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From Nate McCall <>
Subject Re: Back to the futex()? :(
Date Tue, 09 Feb 2016 19:25:17 GMT
I noticed you have authentication enabled. Make sure you set the following:

- the replication factor for the system_auth keyspace should equal the
number of nodes
- permissions_validity_in_ms is a permission cache timeout. If you are not
doing dynamic permissions or creating/revoking frequently, turn this WAY up

May not be the immediate reason, but the above are definitely not helping
if set at defaults.

On Sat, Feb 6, 2016 at 6:49 PM, Will Hayworth <>

> Additionally: this isn't the futex_wait bug (or at least it shouldn't
> be?). Amazon says
> <> that was
> fixed several kernel versions before mine, which
> is 4.1.10-17.31.amzn1.x86_64. And the reason my heap is so large is
> because, per CASSANDRA-9472, we can't use offheap until 3.4 is released.
> Will
> ___________________________________________________________
> Will Hayworth
> Developer, Engagement Engine
> Atlassian
> My pronoun is "they". <>
> On Sat, Feb 6, 2016 at 3:28 PM, Will Hayworth <>
> wrote:
>> *tl;dr: other than CAS operations, what are the potential sources of lock
>> contention in C*?*
>> Hi all! :) I'm a novice Cassandra and Linux admin who's been preparing a
>> small cluster for production, and I've been seeing something weird. For
>> background: I'm running 3.2.1 on a cluster of 12 EC2 m4.2xlarges (32 GB
>> RAM, 8 HT cores) backed by 3.5 TB GP2 EBS volumes. Until late yesterday,
>> that was a cluster of 12 m4.xlarges with 3 TB volumes. I bumped it because
>> while backloading historical data I had been seeing awful throughput (20K
>> op/s at CL.ONE). I'd read through Al Tobey's *amazing* C* tuning guide
>> <> once
>> or twice before but this time I was careful and fixed a bunch of defaults
>> that just weren't right, in cassandra.yaml/JVM options/block device
>> parameters. Folks on IRC were super helpful as always (hat tip to Jeff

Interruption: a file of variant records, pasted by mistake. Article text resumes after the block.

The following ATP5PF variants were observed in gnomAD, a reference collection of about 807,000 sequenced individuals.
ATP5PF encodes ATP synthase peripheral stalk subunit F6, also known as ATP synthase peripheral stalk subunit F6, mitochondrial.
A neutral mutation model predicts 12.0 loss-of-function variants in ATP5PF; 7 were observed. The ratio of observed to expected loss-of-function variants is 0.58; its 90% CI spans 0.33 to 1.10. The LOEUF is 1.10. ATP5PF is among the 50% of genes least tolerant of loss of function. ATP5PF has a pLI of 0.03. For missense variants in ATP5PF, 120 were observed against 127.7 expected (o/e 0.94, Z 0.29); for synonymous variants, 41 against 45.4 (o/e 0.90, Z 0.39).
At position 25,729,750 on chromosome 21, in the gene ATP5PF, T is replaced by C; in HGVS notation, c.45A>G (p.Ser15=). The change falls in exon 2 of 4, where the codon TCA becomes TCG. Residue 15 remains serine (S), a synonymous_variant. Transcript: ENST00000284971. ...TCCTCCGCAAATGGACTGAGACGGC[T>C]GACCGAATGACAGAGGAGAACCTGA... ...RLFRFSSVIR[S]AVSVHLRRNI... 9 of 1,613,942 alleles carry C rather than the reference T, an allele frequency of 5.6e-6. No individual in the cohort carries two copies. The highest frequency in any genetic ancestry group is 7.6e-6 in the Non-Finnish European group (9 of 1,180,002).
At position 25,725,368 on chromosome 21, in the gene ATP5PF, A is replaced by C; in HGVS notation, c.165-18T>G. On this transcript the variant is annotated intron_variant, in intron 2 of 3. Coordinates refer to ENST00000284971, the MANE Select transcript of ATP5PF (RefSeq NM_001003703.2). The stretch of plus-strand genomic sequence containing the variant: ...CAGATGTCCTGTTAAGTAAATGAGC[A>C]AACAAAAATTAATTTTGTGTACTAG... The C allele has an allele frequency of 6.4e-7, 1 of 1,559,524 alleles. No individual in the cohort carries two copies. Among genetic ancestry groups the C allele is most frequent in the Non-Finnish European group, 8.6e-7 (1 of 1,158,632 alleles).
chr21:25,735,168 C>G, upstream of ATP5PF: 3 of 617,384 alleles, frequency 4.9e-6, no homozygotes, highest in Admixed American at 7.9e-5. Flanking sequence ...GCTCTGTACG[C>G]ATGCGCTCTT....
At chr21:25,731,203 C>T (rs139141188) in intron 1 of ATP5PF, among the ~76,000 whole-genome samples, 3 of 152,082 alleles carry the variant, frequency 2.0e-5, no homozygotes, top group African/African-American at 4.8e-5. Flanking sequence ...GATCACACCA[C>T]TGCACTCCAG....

>> Jirsa in particular) and pointed out, for example, that I shouldn't be
>> using DTCS for loading historical data--heh. After changing to LTCS,
>> unbatching my writes* and reserving a CPU core for interrupts and fixing
>> the clocksource to TSC, I finally hit 80K early this morning. Hooray! :)
>> Now, my question: I'm still seeing a *ton* of blocked processes in the
>> vmstats, anything from 2 to 9 per 10 second sample period--and this is
>> before EBS is even being hit! I've been trying in vain to figure out what
>> this could be--GC seems very quiet, after all. On Al's page's advice, I've
>> been running strace and, indeed, I've been seeing *tens of thousands of
>> futex() calls* in periods of 10 or 20 seconds. What eludes me is *where* this
>> lock contention is coming from. I'm not using LWTs or performing CAS
>> operations of which I'm aware. Assuming this isn't a red herring, what
>> gives?
>> Sorry for the essay--I just wanted to err on the side of more
>> context--and *thank you* for any advice you'd like to offer,
>> Will
>> P.S. More background if you'd like--I'm running on Amazon Linux 2015.09,
>> using jemalloc 3.6, JDK 1.8.0_65-b17. Here <> is
>> my cassandra.yaml and here <> are my JVM
>> args. I realized I neglected to adjust memtable_flush_writers as I was
>> writing this--so I'll get on that. Aside from that, I'm not sure what to
>> do. (Thanks, again, for reading.)
>> * They were batched for consistency--I'm hoping to return to using them
>> when I'm back at normal load, which is tiny compared to backloading, but
>> the impact on performance was eye-opening.
>> ___________________________________________________________
>> Will Hayworth
>> Developer, Engagement Engine
>> Atlassian
>> My pronoun is "they". <>

Nate McCall
Austin, TX

Co-Founder & Sr. Technical Consultant
Apache Cassandra Consulting

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